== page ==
Investors, surveyors, promotors, commissioners—these classes of colonizers told new stories about Native places. Like the Dutch colonists who preceded him, Penn understood that Lenape people claimed rights to their lands, and he suggested as much in the treaties he signed. But all of these colonial cultures and governments claimed Lenape lands before they (un)settled them, describing large swathes of this landscape by name and by law as their “possession.” When we consider Penn’s legacy, we should think first about the name eighteenth-century Lenape peoples living in Bethlehem remembered him by: “Miquon” (literally, translating to “Quill” or “Feather”), a tool of signing.27
Settler place-names are, in effect, origin stories that flatten Native worlds of meaning. Yet, on a continent with tens of thousands of years of Indigenous histories, Native names are impossible to entirely erase. Even contemporaneous colonial maps and private correspondence contradict the distortions of public-facing promotional accounts. For instance, a 1639 map and legend published by the Dutch cartographer Joan Vinckeboons (1616–1670) highlights several Lenape “nations on the South River” (Natien aende Zuydt Rivier), including the districts of Armewanex (Armewamus), Sankikans (Sanhican), and Matikongh, located near today’s Camden, Trenton, Bordentown, respectively.28
Looking cautiously at the extant documentary record, it is possible to recover some traces that reflect how historic Lenape people thought about these places. In private letters exchanged between Dutch West India Company officials through the 1600s, it is clear that Lenape leaders on the ground restricted colonial claims that appeared limitless in published works like van der Donck’s. According to a 1648 report by Andries Hudde to Director-General Peter Stuyvesant (c. 1612–1672), unnamed Lenape sakimas from Passajonck (the village from which Passyunk derives its name) said it:
. . .amazed them that they (the Swedes) wanted to prescribe the law to them, the native owners, so that they would not be able to do with their own possessions whatever they wanted; that they (the Swedes) had only recently come into the river and had already seized and occupied so much of their land.29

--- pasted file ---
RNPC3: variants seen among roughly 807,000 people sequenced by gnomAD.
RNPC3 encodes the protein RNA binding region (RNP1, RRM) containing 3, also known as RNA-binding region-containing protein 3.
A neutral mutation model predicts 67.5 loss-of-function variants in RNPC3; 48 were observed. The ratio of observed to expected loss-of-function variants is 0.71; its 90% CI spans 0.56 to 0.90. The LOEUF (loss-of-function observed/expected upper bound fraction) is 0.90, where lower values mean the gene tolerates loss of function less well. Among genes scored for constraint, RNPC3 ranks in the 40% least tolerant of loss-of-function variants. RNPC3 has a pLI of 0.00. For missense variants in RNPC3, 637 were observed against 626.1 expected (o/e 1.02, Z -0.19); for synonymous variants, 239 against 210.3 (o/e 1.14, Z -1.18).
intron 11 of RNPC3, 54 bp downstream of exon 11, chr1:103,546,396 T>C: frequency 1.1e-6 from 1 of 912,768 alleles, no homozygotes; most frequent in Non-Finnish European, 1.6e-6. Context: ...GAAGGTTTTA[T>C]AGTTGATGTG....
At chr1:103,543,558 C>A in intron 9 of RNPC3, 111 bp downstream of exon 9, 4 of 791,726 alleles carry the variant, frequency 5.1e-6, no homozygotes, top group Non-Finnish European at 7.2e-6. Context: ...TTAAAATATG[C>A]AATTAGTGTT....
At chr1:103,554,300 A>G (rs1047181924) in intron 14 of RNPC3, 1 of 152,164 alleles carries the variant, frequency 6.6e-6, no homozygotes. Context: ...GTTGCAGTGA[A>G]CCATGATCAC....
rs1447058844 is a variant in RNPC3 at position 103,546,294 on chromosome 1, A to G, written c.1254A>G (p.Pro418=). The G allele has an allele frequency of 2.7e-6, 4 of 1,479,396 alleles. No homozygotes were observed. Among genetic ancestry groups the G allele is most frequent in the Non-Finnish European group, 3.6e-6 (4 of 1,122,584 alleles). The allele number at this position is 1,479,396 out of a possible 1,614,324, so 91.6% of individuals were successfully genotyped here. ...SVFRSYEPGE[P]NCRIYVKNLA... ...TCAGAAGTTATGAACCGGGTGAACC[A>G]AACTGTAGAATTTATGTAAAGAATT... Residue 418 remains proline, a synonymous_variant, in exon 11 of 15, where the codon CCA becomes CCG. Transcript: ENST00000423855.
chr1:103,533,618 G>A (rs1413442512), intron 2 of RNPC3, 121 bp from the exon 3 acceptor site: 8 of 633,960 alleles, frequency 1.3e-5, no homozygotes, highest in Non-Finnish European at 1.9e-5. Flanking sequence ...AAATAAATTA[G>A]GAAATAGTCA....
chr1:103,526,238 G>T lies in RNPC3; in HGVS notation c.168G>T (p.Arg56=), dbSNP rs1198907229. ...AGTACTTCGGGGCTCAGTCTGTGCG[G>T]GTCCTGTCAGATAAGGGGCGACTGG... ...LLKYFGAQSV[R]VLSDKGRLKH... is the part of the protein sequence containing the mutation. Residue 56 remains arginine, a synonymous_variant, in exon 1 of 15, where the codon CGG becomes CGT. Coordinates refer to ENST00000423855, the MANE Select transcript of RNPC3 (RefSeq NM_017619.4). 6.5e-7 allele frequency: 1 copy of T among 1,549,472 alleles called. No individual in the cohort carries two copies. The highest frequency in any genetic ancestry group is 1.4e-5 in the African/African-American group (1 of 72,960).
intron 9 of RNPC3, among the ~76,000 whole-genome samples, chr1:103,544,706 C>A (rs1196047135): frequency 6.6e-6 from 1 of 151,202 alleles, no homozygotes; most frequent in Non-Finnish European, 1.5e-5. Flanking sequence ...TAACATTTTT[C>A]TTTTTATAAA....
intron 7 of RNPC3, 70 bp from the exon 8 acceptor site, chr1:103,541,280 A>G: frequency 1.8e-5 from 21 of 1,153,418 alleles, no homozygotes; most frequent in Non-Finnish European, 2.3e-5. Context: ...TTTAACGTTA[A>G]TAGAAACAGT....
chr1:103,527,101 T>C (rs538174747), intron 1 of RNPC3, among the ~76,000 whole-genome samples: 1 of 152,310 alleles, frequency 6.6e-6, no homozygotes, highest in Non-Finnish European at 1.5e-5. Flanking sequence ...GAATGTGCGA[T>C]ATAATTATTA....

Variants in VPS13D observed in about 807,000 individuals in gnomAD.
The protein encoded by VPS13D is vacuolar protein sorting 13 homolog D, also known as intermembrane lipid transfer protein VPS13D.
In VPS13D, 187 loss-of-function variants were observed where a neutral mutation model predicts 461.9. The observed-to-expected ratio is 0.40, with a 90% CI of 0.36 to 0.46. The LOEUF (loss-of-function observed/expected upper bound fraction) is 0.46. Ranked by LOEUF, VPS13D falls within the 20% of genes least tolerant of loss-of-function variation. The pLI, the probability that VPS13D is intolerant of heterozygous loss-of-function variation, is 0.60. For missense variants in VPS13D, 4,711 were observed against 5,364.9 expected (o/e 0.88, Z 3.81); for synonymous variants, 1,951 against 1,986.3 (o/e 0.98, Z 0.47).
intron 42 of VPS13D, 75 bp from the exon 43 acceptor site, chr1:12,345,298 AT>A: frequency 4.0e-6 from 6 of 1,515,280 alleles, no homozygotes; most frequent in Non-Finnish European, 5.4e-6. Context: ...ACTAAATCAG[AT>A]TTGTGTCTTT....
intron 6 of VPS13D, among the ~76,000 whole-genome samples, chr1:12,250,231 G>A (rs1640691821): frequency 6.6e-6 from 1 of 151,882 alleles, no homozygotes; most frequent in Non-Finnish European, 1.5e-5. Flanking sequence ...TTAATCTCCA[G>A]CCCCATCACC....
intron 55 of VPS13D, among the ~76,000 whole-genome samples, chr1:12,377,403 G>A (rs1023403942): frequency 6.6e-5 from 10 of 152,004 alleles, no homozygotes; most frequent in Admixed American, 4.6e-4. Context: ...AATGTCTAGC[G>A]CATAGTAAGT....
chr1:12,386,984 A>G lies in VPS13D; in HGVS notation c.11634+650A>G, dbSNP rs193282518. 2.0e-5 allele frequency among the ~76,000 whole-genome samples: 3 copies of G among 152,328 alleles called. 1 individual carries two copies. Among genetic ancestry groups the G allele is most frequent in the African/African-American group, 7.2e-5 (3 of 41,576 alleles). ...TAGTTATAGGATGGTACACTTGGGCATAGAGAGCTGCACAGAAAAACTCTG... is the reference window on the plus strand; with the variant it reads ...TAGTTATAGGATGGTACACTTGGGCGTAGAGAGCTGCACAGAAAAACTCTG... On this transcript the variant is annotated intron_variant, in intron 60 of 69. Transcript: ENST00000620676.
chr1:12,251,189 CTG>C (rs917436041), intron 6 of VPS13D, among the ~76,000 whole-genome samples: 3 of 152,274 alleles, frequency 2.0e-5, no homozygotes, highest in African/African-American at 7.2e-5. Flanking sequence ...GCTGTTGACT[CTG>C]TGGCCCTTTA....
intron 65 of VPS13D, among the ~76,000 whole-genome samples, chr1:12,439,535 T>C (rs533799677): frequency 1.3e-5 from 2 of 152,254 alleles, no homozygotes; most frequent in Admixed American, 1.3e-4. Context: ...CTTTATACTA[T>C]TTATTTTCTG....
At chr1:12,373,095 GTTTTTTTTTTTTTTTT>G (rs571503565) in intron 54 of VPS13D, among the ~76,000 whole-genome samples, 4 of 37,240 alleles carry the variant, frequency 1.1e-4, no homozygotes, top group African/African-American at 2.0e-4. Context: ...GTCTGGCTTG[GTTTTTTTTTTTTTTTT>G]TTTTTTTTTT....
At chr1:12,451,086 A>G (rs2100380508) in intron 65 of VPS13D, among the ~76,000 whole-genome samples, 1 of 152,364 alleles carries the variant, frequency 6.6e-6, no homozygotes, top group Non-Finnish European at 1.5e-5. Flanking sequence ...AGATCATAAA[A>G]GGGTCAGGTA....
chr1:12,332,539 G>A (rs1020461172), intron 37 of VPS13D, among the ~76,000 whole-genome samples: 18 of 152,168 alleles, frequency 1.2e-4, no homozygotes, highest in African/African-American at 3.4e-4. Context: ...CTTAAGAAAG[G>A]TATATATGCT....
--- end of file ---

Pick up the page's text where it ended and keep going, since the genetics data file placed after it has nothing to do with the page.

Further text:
While criticizing the Swedes, the “principal chiefs” Mattehooren and Wissemenetto nonetheless appear to have ordered the Dutch officer to build along the Schuylkill. Hudde wrote: they “themselves planted the prince's flag there and ordered me to fire three shots as a sign of possession” before he began to build under their watch.30
Later Lenape leaders also criticized English colonists for their land-grabbing tactics, especially in the aftermath of the fraudulent Walking Purchase (1737), perpetrated by James Logan (1674–1751) and William Penn’s sons John and Thomas.31 During a 1756 speech in Easton, Pennsylvania, the Lenape sakima Teedyuscung (1700–1763) declared to colonial governor William Denny: “this very ground that is under me was my land and inheritance, and it is taken from me by fraud.”32 Some of the earliest written references to Lenape place-names in the westernmost portion of their ancestral homeland come from legal complaints delivered by Lenape people to Pennsylvania’s colonial government. For instance, the first documentation of Mahoning in today’s Carbon County, Pennsylvania (from mahóni, “a deer lick,” and mahonink, “at the lick”) comes from a November 12, 1740 letter expressing Lenape beliefs that they were being wrongfully removed from lands that did not fall “within the limits of the Walking Purchase.”33
If we listen, the North American landscape speaks many voices at once. The sounds are slightly cacophonous, but they are far from random. Colonial place-names represent settler colonists’ attempts to re-inscribe Native places with new histories, often within discourses of possession. We unconsciously erase Lenape memory and speak in William Penn’s memory, however disjointed, whenever we voice his chosen toponyms. We uncritically replace the ancient river name of Manayunk with “Schuylkill”—a seventeenth-century Dutch name that speaks to a colonial vision impartially realized. Though many signs of Dutch colonial history in this region have receded from view, “Schuylkill” is an enduring reminder that colonial forms of claiming and placemaking distort Native histories.
Settler names take up mental and physical space over Indigenous histories, but cannot entirely erase them. Here, as in many other locales, Native toponyms and their meanings are well documented and easily retrievable. On a recent visit to Boston, for example, a quick Google search presented me with the Algonquin name for what is now called the Charles River: Quinobequin (meaning “meandering”).34 In other cases, collaborative, interdisciplinary efforts are needed to piece together Native histories nearly lost and long underrecognized. When we interrogate place-names as monuments on the American landscape, we start to ask deeper questions that move beyond simple land acknowledgement: Who named this place, and when? What other names might exist for this place, and what are their political connotations? Which Indigenous nations still have an ancestral claim to this place? Is their sovereignty respected and supported at present? Are these nations advocating to have their land back? At bare minimum, not unlike the way Manhattan and New York have been interchangeably used since the seventeenth century, Philadelphians can recover Lenape histories of place by recognizing similar entanglements: Manayunk and Schuylkill; Philadelphia and Coaquannock; Pennsylvania and Lenapehoking.